I should stress that by “energy for work” Fogel means energy for any purpose beyond simply staying alive and digesting food. In short, he might well have termed this “energy for life.”

Finally, Fogel treats another biometric variable: height. His data suggest that men maturing in the third quarter of the 18th century in Great Britain had an average height of 165.9 cm. During this period the average American adult male height increased from 172 to 173.5 centimeters. The difference—6.75 cm. or 2.66 inches—would have been clearly visible to contemporaries.

Given that most Americans of the Revolutionary War period were of British extraction and could hardly have been ignorant of conditions there, it must have been as plain as the nose on their faces that people lived far longer, ate far better and grew up more sturdily in the Colonies than in the Mother Country. So when the British government started tightening the screws on the colonies in the wake of the French and Indian wars, the mental calculation of the colonists must have been pretty simple: “Let me get this straight: you British aristocrats, in your infinite wisdom, want to make us Americans more like the average British working man? In short, you want us to live as poorly as you do? I think not, if I have anything to say about it. Martha, what did you do with my rifle?”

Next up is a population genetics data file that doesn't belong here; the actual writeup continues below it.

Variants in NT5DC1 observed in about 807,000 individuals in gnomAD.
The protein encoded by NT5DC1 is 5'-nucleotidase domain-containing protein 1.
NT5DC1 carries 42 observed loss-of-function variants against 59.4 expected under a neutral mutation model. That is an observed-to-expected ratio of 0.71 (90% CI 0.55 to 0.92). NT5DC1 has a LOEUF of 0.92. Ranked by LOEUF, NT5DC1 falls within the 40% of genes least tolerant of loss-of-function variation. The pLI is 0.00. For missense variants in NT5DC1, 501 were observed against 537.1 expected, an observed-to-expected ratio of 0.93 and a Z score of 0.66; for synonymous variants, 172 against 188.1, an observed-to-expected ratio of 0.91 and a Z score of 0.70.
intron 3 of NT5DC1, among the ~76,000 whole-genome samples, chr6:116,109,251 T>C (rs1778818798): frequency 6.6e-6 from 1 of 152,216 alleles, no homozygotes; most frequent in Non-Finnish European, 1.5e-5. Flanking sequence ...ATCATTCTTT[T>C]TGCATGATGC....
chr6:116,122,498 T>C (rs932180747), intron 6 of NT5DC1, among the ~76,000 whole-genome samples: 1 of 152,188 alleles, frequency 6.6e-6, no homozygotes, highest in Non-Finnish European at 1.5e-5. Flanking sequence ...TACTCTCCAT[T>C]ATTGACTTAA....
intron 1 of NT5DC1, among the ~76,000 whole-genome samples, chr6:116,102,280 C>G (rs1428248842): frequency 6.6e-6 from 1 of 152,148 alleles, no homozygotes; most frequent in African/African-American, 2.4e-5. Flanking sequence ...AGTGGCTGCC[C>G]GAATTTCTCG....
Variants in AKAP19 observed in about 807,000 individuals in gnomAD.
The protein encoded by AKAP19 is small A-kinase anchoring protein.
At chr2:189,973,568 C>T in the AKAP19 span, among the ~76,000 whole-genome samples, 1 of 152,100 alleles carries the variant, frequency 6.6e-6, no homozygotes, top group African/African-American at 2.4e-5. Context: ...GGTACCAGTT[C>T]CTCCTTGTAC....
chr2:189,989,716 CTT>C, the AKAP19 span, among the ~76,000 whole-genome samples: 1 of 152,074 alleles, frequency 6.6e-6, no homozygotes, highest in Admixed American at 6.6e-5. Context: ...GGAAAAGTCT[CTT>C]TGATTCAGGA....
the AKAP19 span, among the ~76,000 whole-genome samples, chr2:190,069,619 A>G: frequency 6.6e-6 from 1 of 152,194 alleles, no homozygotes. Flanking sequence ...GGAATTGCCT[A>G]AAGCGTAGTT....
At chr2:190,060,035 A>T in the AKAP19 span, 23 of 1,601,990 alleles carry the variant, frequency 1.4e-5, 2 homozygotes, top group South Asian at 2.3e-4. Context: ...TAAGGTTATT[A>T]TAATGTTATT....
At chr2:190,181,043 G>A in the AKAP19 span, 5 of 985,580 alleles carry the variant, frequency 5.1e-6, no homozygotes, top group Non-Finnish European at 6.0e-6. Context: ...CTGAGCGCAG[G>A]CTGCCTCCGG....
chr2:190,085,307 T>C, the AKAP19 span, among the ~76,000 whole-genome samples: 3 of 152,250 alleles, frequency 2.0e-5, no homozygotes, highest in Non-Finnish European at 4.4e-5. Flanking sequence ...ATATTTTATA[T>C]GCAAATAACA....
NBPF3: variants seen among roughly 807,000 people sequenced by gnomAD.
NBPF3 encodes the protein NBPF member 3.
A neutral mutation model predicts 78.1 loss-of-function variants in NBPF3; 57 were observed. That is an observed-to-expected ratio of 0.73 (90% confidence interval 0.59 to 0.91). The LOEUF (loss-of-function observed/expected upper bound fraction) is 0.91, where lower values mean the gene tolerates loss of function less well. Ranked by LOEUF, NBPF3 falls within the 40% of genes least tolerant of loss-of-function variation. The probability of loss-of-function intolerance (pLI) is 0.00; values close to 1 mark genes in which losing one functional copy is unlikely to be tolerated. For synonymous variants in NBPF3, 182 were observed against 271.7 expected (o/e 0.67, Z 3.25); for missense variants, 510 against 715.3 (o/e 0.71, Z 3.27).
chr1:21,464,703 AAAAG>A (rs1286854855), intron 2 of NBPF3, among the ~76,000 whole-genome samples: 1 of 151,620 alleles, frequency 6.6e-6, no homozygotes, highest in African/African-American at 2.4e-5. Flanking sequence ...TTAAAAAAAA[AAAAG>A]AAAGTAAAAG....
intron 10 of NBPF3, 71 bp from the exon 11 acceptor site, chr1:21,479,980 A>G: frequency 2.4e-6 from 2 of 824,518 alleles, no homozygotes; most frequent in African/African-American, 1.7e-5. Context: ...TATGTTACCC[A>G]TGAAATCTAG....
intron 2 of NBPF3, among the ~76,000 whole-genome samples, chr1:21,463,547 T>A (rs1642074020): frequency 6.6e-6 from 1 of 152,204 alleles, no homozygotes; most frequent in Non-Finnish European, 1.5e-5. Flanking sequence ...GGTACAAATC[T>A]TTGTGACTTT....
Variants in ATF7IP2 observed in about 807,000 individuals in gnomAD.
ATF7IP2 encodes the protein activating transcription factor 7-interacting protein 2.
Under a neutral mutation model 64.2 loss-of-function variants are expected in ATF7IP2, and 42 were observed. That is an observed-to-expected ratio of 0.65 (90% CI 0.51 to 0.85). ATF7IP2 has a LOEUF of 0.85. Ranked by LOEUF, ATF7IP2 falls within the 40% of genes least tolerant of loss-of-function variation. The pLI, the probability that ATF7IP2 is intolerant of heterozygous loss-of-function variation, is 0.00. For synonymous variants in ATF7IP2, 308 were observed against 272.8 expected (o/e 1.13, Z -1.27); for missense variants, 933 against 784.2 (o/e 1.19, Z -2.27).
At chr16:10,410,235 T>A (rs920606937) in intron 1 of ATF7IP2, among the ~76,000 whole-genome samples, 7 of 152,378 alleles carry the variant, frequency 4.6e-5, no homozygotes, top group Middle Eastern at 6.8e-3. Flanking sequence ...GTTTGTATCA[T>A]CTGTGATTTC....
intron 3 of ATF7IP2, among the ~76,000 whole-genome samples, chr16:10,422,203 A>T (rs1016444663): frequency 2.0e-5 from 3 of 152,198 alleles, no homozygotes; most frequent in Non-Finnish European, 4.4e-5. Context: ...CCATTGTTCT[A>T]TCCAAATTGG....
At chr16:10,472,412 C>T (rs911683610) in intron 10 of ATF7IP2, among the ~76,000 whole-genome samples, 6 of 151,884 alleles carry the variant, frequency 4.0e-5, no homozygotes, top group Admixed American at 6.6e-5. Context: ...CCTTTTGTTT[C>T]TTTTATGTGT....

In short, it appears that rather than being the work of ultra-touchy libertarians, the American Revolution was one of the most substantively motivated conflicts in history. The colonists had a good thing going, and didn’t intend to give it up lightly. Who wouldn’t go to war, even today, if the disputed prize was a 17-year difference in life expectancy?

And how long do you think it will take to get little facts like these inserted in history textbooks?



posted by Friedrich at January 14, 2006


This certainly fits with a recent description of George Washington as over six feet tall, a strapping and vigorous man. Lewis & Clark were like that, too. Among American Indians the Blackfeet impressed early explorers are huge -- probably because they lived on buffalo and had about as much protein as they care to eat.

One thinks of the tiny suits of armor in Europe...

Prairie Mary

Posted by: Mary Scriver on January 14, 2006 06:50 PM

I don't have a book reference for you at the moment, but I do remember reading that the crown had announced its intention to create an American aristocracy, with a Lord of New York or an Earl of Philadelphia. The type of oppressive system the colonists had managed to escape.